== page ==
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I'm used to watching American TV Series all the time. I watch them with Italian subtitles, so I misspell many words. Many of them are not so difficult to figure out, but there's one that I just cannot figure out what is. I have tried to find it in many ways (Google Translate and many other sites) with no results.

The word sounds like jen though (in Italian I would write it gen do). It seems to mean "unknown" in police jargon: when the police find a corpse with no identity, they call it a ‘jen though’.

What can this word be?

  • 2
    John Doe? As in an unknown person? – Håkan Lindqvist Mar 1 '15 at 22:05
  • 18
    Oh, I think you mean "Jane Doe" the name used by Police for unidentified females. – Jim Mar 1 '15 at 22:05
  • The corollary question is "What is the etymology of jane/john doe?" – Blessed Geek Mar 1 '15 at 23:20
  • @Blessed Geek - ask and you shall receive. :-) – user98990 Mar 1 '15 at 23:34
  • The next corollary is "How popular is American TV and movies across the world?" – Blessed Geek Mar 2 '15 at 0:11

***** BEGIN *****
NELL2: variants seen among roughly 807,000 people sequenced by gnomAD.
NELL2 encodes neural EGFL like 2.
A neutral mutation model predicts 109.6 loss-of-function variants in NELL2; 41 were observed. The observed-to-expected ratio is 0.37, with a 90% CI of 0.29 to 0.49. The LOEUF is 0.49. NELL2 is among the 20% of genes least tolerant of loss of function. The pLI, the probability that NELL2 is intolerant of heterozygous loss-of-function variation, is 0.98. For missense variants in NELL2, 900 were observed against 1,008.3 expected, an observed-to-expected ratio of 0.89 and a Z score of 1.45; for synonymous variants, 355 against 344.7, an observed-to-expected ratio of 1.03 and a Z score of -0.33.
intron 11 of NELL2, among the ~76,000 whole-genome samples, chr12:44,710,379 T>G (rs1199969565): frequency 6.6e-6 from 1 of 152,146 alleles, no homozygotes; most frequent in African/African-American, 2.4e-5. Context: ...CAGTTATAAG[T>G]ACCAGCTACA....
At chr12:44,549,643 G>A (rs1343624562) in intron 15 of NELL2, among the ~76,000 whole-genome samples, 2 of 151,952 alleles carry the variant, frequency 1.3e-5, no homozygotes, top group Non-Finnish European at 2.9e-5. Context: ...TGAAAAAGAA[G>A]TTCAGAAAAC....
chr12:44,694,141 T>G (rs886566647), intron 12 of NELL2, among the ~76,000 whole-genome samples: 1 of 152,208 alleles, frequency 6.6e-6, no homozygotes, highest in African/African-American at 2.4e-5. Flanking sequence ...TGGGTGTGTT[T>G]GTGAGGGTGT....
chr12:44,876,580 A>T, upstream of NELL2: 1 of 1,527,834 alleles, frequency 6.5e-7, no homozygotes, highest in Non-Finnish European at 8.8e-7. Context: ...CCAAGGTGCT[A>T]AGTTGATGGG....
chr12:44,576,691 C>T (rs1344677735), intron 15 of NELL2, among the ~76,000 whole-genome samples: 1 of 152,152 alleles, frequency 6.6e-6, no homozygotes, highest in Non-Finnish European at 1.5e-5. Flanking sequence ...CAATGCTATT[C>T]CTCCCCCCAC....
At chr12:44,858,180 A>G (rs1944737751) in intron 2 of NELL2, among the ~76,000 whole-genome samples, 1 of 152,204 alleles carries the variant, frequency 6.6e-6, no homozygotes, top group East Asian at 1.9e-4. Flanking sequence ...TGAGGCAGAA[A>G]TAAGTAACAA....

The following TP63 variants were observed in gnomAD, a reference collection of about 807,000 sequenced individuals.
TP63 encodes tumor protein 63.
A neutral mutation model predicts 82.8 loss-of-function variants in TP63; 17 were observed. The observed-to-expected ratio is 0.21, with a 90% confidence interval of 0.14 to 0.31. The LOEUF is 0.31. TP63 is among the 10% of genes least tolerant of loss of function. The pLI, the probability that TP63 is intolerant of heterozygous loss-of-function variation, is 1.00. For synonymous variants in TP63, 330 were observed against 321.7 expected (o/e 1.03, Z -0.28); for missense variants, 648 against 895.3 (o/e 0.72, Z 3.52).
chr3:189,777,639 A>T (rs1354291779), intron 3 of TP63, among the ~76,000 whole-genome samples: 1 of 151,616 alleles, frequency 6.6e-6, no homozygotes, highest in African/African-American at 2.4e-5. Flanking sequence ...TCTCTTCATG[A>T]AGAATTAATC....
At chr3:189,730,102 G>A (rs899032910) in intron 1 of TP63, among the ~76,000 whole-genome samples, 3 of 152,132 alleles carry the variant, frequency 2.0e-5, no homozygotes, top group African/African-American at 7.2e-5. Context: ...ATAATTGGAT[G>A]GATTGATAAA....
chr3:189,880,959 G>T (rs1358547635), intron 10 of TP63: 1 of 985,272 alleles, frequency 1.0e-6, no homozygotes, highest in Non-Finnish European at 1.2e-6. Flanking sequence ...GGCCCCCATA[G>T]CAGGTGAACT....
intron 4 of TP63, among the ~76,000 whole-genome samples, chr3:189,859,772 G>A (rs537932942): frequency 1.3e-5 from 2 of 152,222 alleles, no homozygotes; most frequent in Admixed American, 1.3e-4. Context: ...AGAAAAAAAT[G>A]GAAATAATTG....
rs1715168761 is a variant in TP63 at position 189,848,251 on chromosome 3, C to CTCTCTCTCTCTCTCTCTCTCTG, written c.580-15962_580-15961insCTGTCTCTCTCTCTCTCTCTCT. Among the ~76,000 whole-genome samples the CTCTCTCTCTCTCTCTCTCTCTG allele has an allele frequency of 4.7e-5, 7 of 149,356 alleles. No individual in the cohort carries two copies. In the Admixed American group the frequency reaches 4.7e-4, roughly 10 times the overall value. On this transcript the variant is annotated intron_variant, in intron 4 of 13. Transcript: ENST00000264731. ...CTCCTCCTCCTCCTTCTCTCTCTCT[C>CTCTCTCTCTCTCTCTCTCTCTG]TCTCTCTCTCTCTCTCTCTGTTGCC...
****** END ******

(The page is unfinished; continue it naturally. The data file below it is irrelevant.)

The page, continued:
47

When a person’s identity is unknown (which is often the case when a dead body is found, before the body is identified) or must be anonymised, but the person still needs to be entered into some kind of system that requires a name, placeholder names are often used.

The most common placeholder names are John Doe for males and Jane Doe for females (as mentioned in Håkan and Jim’s comments to the question itself); sometimes just Doe is used on its own for persons of unknown sex. What you’re describing sounds like Jane Doe. Another common version has Richard Roe and Jane Roe, which is most famously found in the common name of a US Supreme Court decision regarding abortion, known as Roe v. Wade (Jane Roe being here the plaintiff’s anonymised name).

There is a lengthy Wikipedia article about these placeholder names, with lots of additional information.

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